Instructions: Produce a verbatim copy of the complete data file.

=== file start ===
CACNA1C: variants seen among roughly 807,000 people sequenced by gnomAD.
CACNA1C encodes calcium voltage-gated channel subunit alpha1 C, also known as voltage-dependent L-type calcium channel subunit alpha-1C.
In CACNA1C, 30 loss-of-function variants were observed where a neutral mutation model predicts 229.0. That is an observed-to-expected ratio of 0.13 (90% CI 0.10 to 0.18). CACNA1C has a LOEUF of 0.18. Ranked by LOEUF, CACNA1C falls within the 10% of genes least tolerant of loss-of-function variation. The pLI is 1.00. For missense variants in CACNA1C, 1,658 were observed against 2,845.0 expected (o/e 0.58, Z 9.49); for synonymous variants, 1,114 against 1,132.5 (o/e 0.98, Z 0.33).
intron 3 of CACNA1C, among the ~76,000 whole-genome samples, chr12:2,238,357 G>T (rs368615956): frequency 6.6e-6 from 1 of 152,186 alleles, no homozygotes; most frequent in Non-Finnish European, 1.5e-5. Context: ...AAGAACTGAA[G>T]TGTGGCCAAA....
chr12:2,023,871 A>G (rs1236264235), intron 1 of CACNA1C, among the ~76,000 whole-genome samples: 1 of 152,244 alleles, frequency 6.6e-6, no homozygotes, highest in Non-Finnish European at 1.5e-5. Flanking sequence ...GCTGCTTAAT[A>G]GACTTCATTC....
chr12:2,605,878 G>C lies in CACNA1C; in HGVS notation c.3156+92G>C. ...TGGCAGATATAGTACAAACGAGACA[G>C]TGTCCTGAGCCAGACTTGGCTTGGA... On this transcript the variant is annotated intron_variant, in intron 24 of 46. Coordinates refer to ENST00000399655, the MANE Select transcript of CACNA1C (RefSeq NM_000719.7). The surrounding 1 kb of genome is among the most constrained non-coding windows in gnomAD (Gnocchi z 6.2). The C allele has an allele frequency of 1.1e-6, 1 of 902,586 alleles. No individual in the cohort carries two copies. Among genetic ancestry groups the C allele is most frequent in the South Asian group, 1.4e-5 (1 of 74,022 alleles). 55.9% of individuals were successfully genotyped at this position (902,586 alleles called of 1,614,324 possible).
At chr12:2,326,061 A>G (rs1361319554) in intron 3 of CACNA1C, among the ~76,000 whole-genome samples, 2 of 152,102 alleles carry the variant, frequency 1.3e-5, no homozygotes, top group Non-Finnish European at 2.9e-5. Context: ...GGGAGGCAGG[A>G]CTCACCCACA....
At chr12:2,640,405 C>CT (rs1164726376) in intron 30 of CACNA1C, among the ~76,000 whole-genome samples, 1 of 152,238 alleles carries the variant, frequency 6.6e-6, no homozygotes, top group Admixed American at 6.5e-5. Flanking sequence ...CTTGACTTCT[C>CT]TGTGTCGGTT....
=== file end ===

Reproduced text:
CACNA1C: variants seen among roughly 807,000 people sequenced by gnomAD.
CACNA1C encodes calcium voltage-gated channel subunit alpha1 C, also known as voltage-dependent L-type calcium channel subunit alpha-1C.
In CACNA1C, 30 loss-of-function variants were observed where a neutral mutation model predicts 229.0. That is an observed-to-expected ratio of 0.13 (90% CI 0.10 to 0.18). CACNA1C has a LOEUF of 0.18. Ranked by LOEUF, CACNA1C falls within the 10% of genes least tolerant of loss-of-function variation. The pLI is 1.00. For missense variants in CACNA1C, 1,658 were observed against 2,845.0 expected (o/e 0.58, Z 9.49); for synonymous variants, 1,114 against 1,132.5 (o/e 0.98, Z 0.33).
intron 3 of CACNA1C, among the ~76,000 whole-genome samples, chr12:2,238,357 G>T (rs368615956): frequency 6.6e-6 from 1 of 152,186 alleles, no homozygotes; most frequent in Non-Finnish European, 1.5e-5. Context: ...AAGAACTGAA[G>T]TGTGGCCAAA....
chr12:2,023,871 A>G (rs1236264235), intron 1 of CACNA1C, among the ~76,000 whole-genome samples: 1 of 152,244 alleles, frequency 6.6e-6, no homozygotes, highest in Non-Finnish European at 1.5e-5. Flanking sequence ...GCTGCTTAAT[A>G]GACTTCATTC....
chr12:2,605,878 G>C lies in CACNA1C; in HGVS notation c.3156+92G>C. ...TGGCAGATATAGTACAAACGAGACA[G>C]TGTCCTGAGCCAGACTTGGCTTGGA... On this transcript the variant is annotated intron_variant, in intron 24 of 46. Coordinates refer to ENST00000399655, the MANE Select transcript of CACNA1C (RefSeq NM_000719.7). The surrounding 1 kb of genome is among the most constrained non-coding windows in gnomAD (Gnocchi z 6.2). The C allele has an allele frequency of 1.1e-6, 1 of 902,586 alleles. No individual in the cohort carries two copies. Among genetic ancestry groups the C allele is most frequent in the South Asian group, 1.4e-5 (1 of 74,022 alleles). 55.9% of individuals were successfully genotyped at this position (902,586 alleles called of 1,614,324 possible).
At chr12:2,326,061 A>G (rs1361319554) in intron 3 of CACNA1C, among the ~76,000 whole-genome samples, 2 of 152,102 alleles carry the variant, frequency 1.3e-5, no homozygotes, top group Non-Finnish European at 2.9e-5. Context: ...GGGAGGCAGG[A>G]CTCACCCACA....
At chr12:2,640,405 C>CT (rs1164726376) in intron 30 of CACNA1C, among the ~76,000 whole-genome samples, 1 of 152,238 alleles carries the variant, frequency 6.6e-6, no homozygotes, top group Admixed American at 6.5e-5. Flanking sequence ...CTTGACTTCT[C>CT]TGTGTCGGTT....